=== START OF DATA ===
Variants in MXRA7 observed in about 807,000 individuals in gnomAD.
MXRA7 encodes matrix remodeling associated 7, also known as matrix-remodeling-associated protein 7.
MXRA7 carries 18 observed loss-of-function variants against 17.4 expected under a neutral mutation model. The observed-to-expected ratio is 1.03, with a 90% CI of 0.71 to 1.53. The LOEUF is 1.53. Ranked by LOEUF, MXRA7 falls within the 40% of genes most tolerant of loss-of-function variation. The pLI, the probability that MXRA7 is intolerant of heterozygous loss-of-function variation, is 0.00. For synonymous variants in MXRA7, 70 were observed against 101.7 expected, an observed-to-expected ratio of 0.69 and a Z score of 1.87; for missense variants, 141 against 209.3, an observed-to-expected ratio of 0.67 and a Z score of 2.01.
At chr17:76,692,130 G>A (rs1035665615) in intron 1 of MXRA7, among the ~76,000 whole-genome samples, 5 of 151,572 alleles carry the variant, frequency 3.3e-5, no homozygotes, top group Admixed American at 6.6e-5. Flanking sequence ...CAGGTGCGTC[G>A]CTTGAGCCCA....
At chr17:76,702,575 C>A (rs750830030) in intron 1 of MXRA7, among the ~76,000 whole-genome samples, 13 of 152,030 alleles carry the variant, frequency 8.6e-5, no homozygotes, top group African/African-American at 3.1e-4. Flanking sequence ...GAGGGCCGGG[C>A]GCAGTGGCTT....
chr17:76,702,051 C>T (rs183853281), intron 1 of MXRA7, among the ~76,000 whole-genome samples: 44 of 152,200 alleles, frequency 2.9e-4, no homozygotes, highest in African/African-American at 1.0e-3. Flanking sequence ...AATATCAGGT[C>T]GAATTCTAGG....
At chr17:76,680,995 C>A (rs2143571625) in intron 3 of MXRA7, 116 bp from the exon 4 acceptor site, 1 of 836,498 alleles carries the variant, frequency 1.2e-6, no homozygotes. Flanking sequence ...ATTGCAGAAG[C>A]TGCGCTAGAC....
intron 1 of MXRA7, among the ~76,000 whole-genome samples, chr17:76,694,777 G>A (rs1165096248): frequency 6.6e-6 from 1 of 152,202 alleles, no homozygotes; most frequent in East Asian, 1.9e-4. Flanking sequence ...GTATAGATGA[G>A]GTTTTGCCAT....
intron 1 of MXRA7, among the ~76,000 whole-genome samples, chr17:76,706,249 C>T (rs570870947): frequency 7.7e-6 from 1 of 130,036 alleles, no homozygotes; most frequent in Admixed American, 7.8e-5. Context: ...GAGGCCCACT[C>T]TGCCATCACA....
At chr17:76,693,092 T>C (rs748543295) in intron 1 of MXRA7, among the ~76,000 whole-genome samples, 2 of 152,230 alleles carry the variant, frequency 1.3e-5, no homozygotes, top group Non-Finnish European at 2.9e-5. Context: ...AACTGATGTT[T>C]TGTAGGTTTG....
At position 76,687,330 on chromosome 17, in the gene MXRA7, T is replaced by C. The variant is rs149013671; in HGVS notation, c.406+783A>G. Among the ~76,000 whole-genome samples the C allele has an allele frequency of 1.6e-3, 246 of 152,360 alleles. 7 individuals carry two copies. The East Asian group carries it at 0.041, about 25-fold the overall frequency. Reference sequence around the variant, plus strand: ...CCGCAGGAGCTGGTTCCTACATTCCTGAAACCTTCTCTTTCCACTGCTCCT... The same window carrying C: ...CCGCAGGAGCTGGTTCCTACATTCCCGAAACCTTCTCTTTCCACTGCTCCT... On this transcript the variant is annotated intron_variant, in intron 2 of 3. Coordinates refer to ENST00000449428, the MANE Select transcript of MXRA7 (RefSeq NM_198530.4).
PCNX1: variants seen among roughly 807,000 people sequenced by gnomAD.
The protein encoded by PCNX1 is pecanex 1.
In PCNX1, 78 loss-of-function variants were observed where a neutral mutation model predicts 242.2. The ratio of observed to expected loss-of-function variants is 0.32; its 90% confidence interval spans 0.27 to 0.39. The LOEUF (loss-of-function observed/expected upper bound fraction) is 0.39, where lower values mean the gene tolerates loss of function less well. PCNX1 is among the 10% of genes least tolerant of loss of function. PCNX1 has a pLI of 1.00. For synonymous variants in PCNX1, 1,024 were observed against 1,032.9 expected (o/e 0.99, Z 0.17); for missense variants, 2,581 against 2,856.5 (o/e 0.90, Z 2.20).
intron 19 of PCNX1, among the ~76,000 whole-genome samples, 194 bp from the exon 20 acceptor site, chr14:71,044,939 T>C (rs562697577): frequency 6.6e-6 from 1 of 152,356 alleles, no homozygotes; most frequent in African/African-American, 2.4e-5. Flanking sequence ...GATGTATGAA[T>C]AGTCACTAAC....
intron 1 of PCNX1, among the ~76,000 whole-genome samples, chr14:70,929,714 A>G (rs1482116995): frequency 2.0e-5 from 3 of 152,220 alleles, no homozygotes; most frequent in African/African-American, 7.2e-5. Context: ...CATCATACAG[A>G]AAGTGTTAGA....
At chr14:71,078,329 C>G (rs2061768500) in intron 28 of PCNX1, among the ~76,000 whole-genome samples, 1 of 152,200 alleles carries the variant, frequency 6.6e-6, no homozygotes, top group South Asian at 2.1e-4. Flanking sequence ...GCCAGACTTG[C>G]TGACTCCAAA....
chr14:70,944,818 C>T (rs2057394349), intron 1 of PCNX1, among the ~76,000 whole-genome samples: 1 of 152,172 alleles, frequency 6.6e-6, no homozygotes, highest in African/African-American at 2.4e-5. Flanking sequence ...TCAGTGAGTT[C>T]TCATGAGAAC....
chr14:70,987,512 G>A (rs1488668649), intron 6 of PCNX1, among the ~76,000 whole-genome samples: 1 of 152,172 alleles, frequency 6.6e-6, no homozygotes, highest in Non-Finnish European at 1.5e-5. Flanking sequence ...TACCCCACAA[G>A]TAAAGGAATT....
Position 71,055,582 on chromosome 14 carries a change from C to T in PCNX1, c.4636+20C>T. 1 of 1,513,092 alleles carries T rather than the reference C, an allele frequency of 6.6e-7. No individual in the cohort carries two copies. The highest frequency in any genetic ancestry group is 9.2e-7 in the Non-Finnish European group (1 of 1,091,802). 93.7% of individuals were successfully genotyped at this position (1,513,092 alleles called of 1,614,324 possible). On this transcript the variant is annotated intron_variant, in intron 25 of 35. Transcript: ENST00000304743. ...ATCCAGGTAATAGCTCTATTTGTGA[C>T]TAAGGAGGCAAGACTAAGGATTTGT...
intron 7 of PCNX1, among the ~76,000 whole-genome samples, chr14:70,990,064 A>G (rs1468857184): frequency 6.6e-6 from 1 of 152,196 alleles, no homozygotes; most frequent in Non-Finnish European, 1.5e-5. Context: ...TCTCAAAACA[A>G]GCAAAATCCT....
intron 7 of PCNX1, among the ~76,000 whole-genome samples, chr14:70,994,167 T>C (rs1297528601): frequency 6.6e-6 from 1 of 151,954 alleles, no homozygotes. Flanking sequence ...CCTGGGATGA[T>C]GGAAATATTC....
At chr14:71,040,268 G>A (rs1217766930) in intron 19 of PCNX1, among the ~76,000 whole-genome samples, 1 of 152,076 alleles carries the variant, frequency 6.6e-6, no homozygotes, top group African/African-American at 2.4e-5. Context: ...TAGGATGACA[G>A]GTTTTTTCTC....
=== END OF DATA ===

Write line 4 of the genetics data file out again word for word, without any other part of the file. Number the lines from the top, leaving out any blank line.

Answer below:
At chr17:76,692,130 G>A (rs1035665615) in intron 1 of MXRA7, among the ~76,000 whole-genome samples, 5 of 151,572 alleles carry the variant, frequency 3.3e-5, no homozygotes, top group Admixed American at 6.6e-5. Flanking sequence ...CAGGTGCGTC[G>A]CTTGAGCCCA....